Hot desking is gaining popularity.

Comparable to miners who “hot-bed”, hot desking occurs when corporate types share desks in an office on an “as needs basis”, but with fewer bed bugs then are sometimes present in “hot bedding”.

The Benefits of Hot Desking

Hot desking is becoming increasingly common in our tech-based society. The benefits of shared office spaces include:

  • Flexibility while still providing office services and meeting room facilities;
  • Facilitating solo workers to collaborate with other solo workers;
  • Keeps administrative costs down; and
  • Assists consultants, small business owners and part-time workers, such as parents to utilise shared office space.

What are the Legal Considerations?

Shared office spaces can seem a great idea in theory, but you should also ask the following questions:

  1. What are the practical effects of this arrangement?
  2. How can both the owner of the shared office and the hot desk user protect themselves in such an arrangement?

What are Some Practical Considerations?

The shared office owner generally presents any party wishing to use the shared office space with a non-exclusive licence agreement for the shared office space. This licence agreement sets out the terms and conditions for using the space and governs the relationship between the parties.

It is important both parties document the arrangement and read any documents carefully before signing anything.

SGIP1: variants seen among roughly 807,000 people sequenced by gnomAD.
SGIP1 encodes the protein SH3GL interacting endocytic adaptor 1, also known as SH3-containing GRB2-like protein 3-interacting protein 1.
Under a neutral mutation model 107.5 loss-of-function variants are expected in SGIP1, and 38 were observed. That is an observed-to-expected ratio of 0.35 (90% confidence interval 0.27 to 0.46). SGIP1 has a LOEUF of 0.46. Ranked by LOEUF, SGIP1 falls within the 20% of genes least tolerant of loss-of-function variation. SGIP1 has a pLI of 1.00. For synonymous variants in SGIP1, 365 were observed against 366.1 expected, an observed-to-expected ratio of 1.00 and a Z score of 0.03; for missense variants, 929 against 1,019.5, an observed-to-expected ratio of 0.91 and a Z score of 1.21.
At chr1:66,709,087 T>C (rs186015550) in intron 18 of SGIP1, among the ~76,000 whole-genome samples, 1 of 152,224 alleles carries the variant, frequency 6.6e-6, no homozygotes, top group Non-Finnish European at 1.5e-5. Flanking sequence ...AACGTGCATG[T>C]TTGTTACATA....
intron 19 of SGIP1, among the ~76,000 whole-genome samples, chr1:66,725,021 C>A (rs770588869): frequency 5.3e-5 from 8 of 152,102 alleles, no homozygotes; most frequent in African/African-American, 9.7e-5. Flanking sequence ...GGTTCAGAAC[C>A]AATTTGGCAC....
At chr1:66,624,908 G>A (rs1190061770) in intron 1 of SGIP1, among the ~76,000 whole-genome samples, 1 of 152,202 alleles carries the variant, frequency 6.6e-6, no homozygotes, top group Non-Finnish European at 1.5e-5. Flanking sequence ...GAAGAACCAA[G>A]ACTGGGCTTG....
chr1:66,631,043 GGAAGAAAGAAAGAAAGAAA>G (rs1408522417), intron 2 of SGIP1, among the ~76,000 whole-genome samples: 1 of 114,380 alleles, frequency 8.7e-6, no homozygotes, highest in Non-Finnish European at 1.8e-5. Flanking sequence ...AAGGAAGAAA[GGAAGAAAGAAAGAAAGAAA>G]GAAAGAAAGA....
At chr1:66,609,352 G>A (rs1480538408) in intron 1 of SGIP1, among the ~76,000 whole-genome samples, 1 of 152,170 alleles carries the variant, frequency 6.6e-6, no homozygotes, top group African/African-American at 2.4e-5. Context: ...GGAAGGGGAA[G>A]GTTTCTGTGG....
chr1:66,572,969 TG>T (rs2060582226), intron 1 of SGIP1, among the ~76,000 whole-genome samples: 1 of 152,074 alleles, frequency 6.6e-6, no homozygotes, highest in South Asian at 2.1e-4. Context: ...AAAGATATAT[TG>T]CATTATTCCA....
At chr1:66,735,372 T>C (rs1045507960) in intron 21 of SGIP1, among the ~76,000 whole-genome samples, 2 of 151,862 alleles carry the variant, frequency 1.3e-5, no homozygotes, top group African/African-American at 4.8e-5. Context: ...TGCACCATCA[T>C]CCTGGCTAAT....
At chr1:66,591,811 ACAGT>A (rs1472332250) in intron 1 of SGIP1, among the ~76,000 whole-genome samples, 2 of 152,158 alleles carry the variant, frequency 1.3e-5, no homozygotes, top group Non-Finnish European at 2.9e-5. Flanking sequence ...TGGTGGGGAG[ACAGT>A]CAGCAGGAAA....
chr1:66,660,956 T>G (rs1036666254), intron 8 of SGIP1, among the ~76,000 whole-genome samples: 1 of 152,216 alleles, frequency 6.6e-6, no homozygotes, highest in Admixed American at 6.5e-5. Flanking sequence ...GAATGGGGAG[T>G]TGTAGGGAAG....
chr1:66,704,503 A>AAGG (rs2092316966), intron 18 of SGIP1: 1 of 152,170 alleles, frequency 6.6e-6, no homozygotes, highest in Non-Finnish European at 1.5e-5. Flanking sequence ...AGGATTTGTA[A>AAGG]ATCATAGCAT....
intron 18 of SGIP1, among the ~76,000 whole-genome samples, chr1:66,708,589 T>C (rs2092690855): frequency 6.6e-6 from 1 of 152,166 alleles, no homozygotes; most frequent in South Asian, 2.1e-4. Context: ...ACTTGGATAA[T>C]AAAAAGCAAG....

What Does the Office Space Owner/Proprietor Need to Consider?

When preparing a non-exclusive licence agreement for a shared office space, the premises’ proprietor should have a clearly drafted contract. This applies whether the property is owned or leased for hot desking, and minimally should set out the following:

  • Parties’ details;
  • The basis of the licence agreement – is it a one-off, casual arrangement? Or a standard full time or part-time arrangement?
  • What is the fee charged and on what basis is it charged (i.e., hourly)?
  • Is pre-booking required?
  • What space is used?
  • What services the shared office offers. Are there internet, phone and meeting room services attached? If so, do these services cost any extra?
  • What are the rules of the shared office space?
  • How can both parties terminate the agreement?
  • Is any behaviour unacceptable that will immediately terminate the agreement?
  • What are the hours of access?
  • Does the user of the space require insurances or will this be taken out by the owner?

We suggest that if a proprietor is considering establishing a shared or serviced office business, that a commercial leasing lawyer drafts the initial agreement to avoid disputes between prospective users of the shared office space.

What do the Hot Desk Users Need to Consider?

Users of shared office spaces should ask to see the licence agreement allowing them to use the space and consider the following:

  • What is the basis of the licence agreement – is it a one off or casual or a standard full time or part time arrangement?
  • What is the fee charged and on what basis is it charged (i.e., hourly)
  • Is pre-booking required?
  • What space is used?
  • What the shared office offers by way of services. Are there internet, phone and meeting room services attached? If so, do these services cost any extra?
  • What are the rules of the shared office space?
  • How can both parties terminate the agreement?
  • What are the hours of access?
  • Do they require insurance?

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Whether you are you a hot desk user or a shared-office space owner, let us know if you have any questions on 1300 544 755.

Emma Heuston

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